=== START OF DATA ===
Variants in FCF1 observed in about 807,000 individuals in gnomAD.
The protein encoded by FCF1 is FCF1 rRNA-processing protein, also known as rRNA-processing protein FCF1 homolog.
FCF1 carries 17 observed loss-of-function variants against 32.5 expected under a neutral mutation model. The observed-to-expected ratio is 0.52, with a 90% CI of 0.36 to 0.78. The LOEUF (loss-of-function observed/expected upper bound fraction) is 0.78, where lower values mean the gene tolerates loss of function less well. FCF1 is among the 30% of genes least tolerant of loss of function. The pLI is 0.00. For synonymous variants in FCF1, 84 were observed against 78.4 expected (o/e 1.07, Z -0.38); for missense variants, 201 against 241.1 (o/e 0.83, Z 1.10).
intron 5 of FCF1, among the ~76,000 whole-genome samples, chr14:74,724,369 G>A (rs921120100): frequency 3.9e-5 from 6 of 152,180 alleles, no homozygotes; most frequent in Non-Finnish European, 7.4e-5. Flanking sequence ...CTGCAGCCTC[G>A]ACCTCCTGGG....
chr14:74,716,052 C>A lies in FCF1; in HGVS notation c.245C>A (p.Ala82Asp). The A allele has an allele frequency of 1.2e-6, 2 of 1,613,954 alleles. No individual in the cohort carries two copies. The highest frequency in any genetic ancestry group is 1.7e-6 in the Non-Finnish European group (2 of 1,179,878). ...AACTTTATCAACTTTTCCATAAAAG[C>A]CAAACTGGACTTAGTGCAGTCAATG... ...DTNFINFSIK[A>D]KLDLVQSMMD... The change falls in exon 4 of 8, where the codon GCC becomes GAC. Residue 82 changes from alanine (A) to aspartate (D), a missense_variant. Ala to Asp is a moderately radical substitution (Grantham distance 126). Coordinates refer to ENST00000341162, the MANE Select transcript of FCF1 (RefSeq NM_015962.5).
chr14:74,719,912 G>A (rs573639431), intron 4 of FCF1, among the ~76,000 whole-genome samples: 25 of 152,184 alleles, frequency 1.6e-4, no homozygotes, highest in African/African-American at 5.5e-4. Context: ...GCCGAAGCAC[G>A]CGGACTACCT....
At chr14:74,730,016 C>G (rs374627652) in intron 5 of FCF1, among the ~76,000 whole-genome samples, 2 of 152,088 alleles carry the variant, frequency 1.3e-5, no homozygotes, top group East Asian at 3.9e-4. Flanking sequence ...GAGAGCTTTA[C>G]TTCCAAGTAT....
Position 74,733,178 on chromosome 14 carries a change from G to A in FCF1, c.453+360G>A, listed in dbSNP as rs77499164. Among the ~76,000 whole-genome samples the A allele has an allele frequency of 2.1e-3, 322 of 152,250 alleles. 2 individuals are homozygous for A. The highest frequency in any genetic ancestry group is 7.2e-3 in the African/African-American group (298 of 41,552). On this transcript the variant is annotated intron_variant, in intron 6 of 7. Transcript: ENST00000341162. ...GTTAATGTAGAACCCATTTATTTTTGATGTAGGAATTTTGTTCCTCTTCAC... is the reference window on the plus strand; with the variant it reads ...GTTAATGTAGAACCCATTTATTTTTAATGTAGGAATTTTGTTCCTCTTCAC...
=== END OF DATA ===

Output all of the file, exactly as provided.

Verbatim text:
Variants in FCF1 observed in about 807,000 individuals in gnomAD.
The protein encoded by FCF1 is FCF1 rRNA-processing protein, also known as rRNA-processing protein FCF1 homolog.
FCF1 carries 17 observed loss-of-function variants against 32.5 expected under a neutral mutation model. The observed-to-expected ratio is 0.52, with a 90% CI of 0.36 to 0.78. The LOEUF (loss-of-function observed/expected upper bound fraction) is 0.78, where lower values mean the gene tolerates loss of function less well. FCF1 is among the 30% of genes least tolerant of loss of function. The pLI is 0.00. For synonymous variants in FCF1, 84 were observed against 78.4 expected (o/e 1.07, Z -0.38); for missense variants, 201 against 241.1 (o/e 0.83, Z 1.10).
intron 5 of FCF1, among the ~76,000 whole-genome samples, chr14:74,724,369 G>A (rs921120100): frequency 3.9e-5 from 6 of 152,180 alleles, no homozygotes; most frequent in Non-Finnish European, 7.4e-5. Flanking sequence ...CTGCAGCCTC[G>A]ACCTCCTGGG....
chr14:74,716,052 C>A lies in FCF1; in HGVS notation c.245C>A (p.Ala82Asp). The A allele has an allele frequency of 1.2e-6, 2 of 1,613,954 alleles. No individual in the cohort carries two copies. The highest frequency in any genetic ancestry group is 1.7e-6 in the Non-Finnish European group (2 of 1,179,878). ...AACTTTATCAACTTTTCCATAAAAG[C>A]CAAACTGGACTTAGTGCAGTCAATG... ...DTNFINFSIK[A>D]KLDLVQSMMD... The change falls in exon 4 of 8, where the codon GCC becomes GAC. Residue 82 changes from alanine (A) to aspartate (D), a missense_variant. Ala to Asp is a moderately radical substitution (Grantham distance 126). Coordinates refer to ENST00000341162, the MANE Select transcript of FCF1 (RefSeq NM_015962.5).
chr14:74,719,912 G>A (rs573639431), intron 4 of FCF1, among the ~76,000 whole-genome samples: 25 of 152,184 alleles, frequency 1.6e-4, no homozygotes, highest in African/African-American at 5.5e-4. Context: ...GCCGAAGCAC[G>A]CGGACTACCT....
At chr14:74,730,016 C>G (rs374627652) in intron 5 of FCF1, among the ~76,000 whole-genome samples, 2 of 152,088 alleles carry the variant, frequency 1.3e-5, no homozygotes, top group East Asian at 3.9e-4. Flanking sequence ...GAGAGCTTTA[C>G]TTCCAAGTAT....
Position 74,733,178 on chromosome 14 carries a change from G to A in FCF1, c.453+360G>A, listed in dbSNP as rs77499164. Among the ~76,000 whole-genome samples the A allele has an allele frequency of 2.1e-3, 322 of 152,250 alleles. 2 individuals are homozygous for A. The highest frequency in any genetic ancestry group is 7.2e-3 in the African/African-American group (298 of 41,552). On this transcript the variant is annotated intron_variant, in intron 6 of 7. Transcript: ENST00000341162. ...GTTAATGTAGAACCCATTTATTTTTGATGTAGGAATTTTGTTCCTCTTCAC... is the reference window on the plus strand; with the variant it reads ...GTTAATGTAGAACCCATTTATTTTTAATGTAGGAATTTTGTTCCTCTTCAC...